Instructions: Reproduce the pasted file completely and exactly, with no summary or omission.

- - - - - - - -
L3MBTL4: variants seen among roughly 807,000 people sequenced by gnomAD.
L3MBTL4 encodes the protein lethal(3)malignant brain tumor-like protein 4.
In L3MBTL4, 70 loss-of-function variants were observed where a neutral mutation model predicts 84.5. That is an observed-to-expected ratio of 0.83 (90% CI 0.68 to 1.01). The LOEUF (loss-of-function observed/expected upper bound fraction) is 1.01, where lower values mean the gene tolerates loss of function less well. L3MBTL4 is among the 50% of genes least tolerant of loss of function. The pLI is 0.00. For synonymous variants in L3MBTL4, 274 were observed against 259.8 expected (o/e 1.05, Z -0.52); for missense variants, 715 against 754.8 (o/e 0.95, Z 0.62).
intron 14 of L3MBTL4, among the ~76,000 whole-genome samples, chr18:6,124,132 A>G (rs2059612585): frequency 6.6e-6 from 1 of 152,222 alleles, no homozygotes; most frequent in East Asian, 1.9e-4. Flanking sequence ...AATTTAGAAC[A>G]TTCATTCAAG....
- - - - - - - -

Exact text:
L3MBTL4: variants seen among roughly 807,000 people sequenced by gnomAD.
L3MBTL4 encodes the protein lethal(3)malignant brain tumor-like protein 4.
In L3MBTL4, 70 loss-of-function variants were observed where a neutral mutation model predicts 84.5. That is an observed-to-expected ratio of 0.83 (90% CI 0.68 to 1.01). The LOEUF (loss-of-function observed/expected upper bound fraction) is 1.01, where lower values mean the gene tolerates loss of function less well. L3MBTL4 is among the 50% of genes least tolerant of loss of function. The pLI is 0.00. For synonymous variants in L3MBTL4, 274 were observed against 259.8 expected (o/e 1.05, Z -0.52); for missense variants, 715 against 754.8 (o/e 0.95, Z 0.62).
intron 14 of L3MBTL4, among the ~76,000 whole-genome samples, chr18:6,124,132 A>G (rs2059612585): frequency 6.6e-6 from 1 of 152,222 alleles, no homozygotes; most frequent in East Asian, 1.9e-4. Flanking sequence ...AATTTAGAAC[A>G]TTCATTCAAG....